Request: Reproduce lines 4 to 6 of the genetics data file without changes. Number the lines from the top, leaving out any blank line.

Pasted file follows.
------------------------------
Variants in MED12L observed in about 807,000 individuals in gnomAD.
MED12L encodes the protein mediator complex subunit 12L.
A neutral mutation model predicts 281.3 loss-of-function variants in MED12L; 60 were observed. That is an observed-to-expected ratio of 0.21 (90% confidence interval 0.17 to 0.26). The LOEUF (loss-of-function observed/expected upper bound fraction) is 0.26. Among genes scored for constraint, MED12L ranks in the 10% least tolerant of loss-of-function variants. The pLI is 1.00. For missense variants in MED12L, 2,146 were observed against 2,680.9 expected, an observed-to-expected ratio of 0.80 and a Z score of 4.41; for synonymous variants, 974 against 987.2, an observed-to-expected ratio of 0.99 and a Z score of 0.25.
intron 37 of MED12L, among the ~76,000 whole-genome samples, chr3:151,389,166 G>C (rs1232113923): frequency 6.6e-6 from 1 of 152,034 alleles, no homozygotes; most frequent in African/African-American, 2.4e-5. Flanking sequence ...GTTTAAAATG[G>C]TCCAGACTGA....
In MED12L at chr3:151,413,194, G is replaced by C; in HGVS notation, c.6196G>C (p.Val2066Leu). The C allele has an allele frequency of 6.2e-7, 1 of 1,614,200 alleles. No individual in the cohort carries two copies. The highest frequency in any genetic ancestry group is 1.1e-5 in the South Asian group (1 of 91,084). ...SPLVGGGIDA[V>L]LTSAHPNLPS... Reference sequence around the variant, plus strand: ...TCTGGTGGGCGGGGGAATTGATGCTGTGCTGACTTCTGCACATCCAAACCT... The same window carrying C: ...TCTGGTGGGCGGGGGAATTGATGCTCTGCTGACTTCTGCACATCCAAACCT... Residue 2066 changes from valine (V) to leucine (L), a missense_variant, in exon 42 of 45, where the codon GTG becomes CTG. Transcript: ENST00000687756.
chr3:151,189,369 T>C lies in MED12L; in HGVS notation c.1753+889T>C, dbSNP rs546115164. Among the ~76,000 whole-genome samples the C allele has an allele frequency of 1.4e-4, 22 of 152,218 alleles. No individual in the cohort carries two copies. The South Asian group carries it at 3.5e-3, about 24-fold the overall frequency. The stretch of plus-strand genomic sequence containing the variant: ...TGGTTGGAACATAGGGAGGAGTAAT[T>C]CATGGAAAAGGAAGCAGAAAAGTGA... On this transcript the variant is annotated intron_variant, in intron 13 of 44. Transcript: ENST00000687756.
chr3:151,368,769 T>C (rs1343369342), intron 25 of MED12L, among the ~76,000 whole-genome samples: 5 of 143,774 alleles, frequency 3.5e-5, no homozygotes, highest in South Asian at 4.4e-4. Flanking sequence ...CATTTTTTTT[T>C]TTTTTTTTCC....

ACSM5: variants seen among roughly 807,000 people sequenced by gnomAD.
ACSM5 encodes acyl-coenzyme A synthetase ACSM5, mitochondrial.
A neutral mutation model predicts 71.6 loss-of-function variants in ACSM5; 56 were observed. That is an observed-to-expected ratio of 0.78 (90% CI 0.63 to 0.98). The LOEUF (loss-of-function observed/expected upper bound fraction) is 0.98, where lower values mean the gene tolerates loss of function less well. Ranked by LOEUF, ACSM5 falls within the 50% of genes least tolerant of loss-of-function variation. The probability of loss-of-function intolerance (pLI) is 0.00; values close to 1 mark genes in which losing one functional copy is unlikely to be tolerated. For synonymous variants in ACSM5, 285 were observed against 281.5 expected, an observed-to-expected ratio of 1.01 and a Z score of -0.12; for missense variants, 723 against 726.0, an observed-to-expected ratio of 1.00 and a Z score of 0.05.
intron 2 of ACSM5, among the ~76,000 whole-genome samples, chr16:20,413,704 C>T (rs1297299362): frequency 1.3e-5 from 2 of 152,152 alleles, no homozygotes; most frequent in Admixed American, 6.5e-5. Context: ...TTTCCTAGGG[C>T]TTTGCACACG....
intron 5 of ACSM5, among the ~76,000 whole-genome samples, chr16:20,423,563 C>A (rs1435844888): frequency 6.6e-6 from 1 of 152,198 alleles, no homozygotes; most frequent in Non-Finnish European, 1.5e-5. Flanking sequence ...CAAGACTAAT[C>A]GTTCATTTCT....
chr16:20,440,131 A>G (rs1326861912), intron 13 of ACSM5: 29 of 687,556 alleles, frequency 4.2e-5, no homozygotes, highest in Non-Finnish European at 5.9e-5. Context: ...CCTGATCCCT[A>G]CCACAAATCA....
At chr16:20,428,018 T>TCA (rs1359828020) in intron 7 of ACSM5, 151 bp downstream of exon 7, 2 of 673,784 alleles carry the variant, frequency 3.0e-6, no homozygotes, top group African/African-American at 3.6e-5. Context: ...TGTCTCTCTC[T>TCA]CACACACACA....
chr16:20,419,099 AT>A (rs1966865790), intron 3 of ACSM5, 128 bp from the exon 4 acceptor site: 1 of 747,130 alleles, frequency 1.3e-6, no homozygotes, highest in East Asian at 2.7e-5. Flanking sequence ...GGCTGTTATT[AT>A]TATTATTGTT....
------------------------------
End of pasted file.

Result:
intron 37 of MED12L, among the ~76,000 whole-genome samples, chr3:151,389,166 G>C (rs1232113923): frequency 6.6e-6 from 1 of 152,034 alleles, no homozygotes; most frequent in African/African-American, 2.4e-5. Flanking sequence ...GTTTAAAATG[G>C]TCCAGACTGA....
In MED12L at chr3:151,413,194, G is replaced by C; in HGVS notation, c.6196G>C (p.Val2066Leu). The C allele has an allele frequency of 6.2e-7, 1 of 1,614,200 alleles. No individual in the cohort carries two copies. The highest frequency in any genetic ancestry group is 1.1e-5 in the South Asian group (1 of 91,084). ...SPLVGGGIDA[V>L]LTSAHPNLPS... Reference sequence around the variant, plus strand: ...TCTGGTGGGCGGGGGAATTGATGCTGTGCTGACTTCTGCACATCCAAACCT... The same window carrying C: ...TCTGGTGGGCGGGGGAATTGATGCTCTGCTGACTTCTGCACATCCAAACCT... Residue 2066 changes from valine (V) to leucine (L), a missense_variant, in exon 42 of 45, where the codon GTG becomes CTG. Transcript: ENST00000687756.
chr3:151,189,369 T>C lies in MED12L; in HGVS notation c.1753+889T>C, dbSNP rs546115164. Among the ~76,000 whole-genome samples the C allele has an allele frequency of 1.4e-4, 22 of 152,218 alleles. No individual in the cohort carries two copies. The South Asian group carries it at 3.5e-3, about 24-fold the overall frequency. The stretch of plus-strand genomic sequence containing the variant: ...TGGTTGGAACATAGGGAGGAGTAAT[T>C]CATGGAAAAGGAAGCAGAAAAGTGA... On this transcript the variant is annotated intron_variant, in intron 13 of 44. Transcript: ENST00000687756.